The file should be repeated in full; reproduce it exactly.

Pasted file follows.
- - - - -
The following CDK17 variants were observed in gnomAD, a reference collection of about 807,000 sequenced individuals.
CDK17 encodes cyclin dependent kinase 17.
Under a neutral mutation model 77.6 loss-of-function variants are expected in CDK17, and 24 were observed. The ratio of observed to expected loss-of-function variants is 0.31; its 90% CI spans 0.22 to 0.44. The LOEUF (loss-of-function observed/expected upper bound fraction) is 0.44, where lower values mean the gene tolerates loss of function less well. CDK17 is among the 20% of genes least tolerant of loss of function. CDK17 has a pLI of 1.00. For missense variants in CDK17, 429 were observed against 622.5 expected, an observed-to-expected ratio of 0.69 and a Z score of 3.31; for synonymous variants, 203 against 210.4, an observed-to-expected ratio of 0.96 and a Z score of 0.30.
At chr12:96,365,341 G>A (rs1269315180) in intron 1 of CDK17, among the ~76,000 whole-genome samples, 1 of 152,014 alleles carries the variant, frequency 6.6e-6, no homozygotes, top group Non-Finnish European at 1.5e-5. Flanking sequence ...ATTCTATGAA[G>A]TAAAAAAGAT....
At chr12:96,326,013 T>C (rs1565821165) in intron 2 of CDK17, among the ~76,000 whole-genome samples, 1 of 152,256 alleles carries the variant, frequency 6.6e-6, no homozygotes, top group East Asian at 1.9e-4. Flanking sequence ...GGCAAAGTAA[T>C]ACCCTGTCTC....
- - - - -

The following CDK17 variants were observed in gnomAD, a reference collection of about 807,000 sequenced individuals.
CDK17 encodes cyclin dependent kinase 17.
Under a neutral mutation model 77.6 loss-of-function variants are expected in CDK17, and 24 were observed. The ratio of observed to expected loss-of-function variants is 0.31; its 90% CI spans 0.22 to 0.44. The LOEUF (loss-of-function observed/expected upper bound fraction) is 0.44, where lower values mean the gene tolerates loss of function less well. CDK17 is among the 20% of genes least tolerant of loss of function. CDK17 has a pLI of 1.00. For missense variants in CDK17, 429 were observed against 622.5 expected, an observed-to-expected ratio of 0.69 and a Z score of 3.31; for synonymous variants, 203 against 210.4, an observed-to-expected ratio of 0.96 and a Z score of 0.30.
At chr12:96,365,341 G>A (rs1269315180) in intron 1 of CDK17, among the ~76,000 whole-genome samples, 1 of 152,014 alleles carries the variant, frequency 6.6e-6, no homozygotes, top group Non-Finnish European at 1.5e-5. Flanking sequence ...ATTCTATGAA[G>A]TAAAAAAGAT....
At chr12:96,326,013 T>C (rs1565821165) in intron 2 of CDK17, among the ~76,000 whole-genome samples, 1 of 152,256 alleles carries the variant, frequency 6.6e-6, no homozygotes, top group East Asian at 1.9e-4. Flanking sequence ...GGCAAAGTAA[T>C]ACCCTGTCTC....